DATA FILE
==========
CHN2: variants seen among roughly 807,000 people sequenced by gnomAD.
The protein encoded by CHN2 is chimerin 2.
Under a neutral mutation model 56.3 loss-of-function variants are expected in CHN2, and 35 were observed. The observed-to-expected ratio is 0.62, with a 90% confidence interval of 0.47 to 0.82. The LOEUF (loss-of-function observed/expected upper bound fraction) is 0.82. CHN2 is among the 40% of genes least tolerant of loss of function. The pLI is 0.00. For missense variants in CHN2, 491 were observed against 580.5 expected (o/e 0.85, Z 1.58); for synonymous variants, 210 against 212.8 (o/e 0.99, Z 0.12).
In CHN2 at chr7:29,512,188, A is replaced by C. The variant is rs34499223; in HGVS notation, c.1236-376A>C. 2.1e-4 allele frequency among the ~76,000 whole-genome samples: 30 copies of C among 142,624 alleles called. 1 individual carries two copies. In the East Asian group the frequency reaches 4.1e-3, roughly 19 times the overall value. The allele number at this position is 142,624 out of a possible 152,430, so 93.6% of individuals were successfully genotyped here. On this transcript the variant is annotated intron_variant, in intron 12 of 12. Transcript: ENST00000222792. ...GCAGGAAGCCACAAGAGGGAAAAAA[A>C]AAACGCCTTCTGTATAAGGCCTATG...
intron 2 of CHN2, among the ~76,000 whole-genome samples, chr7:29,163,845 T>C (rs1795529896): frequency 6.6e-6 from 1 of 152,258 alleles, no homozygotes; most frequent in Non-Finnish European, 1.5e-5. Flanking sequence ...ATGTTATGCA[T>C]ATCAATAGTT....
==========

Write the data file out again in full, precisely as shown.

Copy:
CHN2: variants seen among roughly 807,000 people sequenced by gnomAD.
The protein encoded by CHN2 is chimerin 2.
Under a neutral mutation model 56.3 loss-of-function variants are expected in CHN2, and 35 were observed. The observed-to-expected ratio is 0.62, with a 90% confidence interval of 0.47 to 0.82. The LOEUF (loss-of-function observed/expected upper bound fraction) is 0.82. CHN2 is among the 40% of genes least tolerant of loss of function. The pLI is 0.00. For missense variants in CHN2, 491 were observed against 580.5 expected (o/e 0.85, Z 1.58); for synonymous variants, 210 against 212.8 (o/e 0.99, Z 0.12).
In CHN2 at chr7:29,512,188, A is replaced by C. The variant is rs34499223; in HGVS notation, c.1236-376A>C. 2.1e-4 allele frequency among the ~76,000 whole-genome samples: 30 copies of C among 142,624 alleles called. 1 individual carries two copies. In the East Asian group the frequency reaches 4.1e-3, roughly 19 times the overall value. The allele number at this position is 142,624 out of a possible 152,430, so 93.6% of individuals were successfully genotyped here. On this transcript the variant is annotated intron_variant, in intron 12 of 12. Transcript: ENST00000222792. ...GCAGGAAGCCACAAGAGGGAAAAAA[A>C]AAACGCCTTCTGTATAAGGCCTATG...
intron 2 of CHN2, among the ~76,000 whole-genome samples, chr7:29,163,845 T>C (rs1795529896): frequency 6.6e-6 from 1 of 152,258 alleles, no homozygotes; most frequent in Non-Finnish European, 1.5e-5. Flanking sequence ...ATGTTATGCA[T>C]ATCAATAGTT....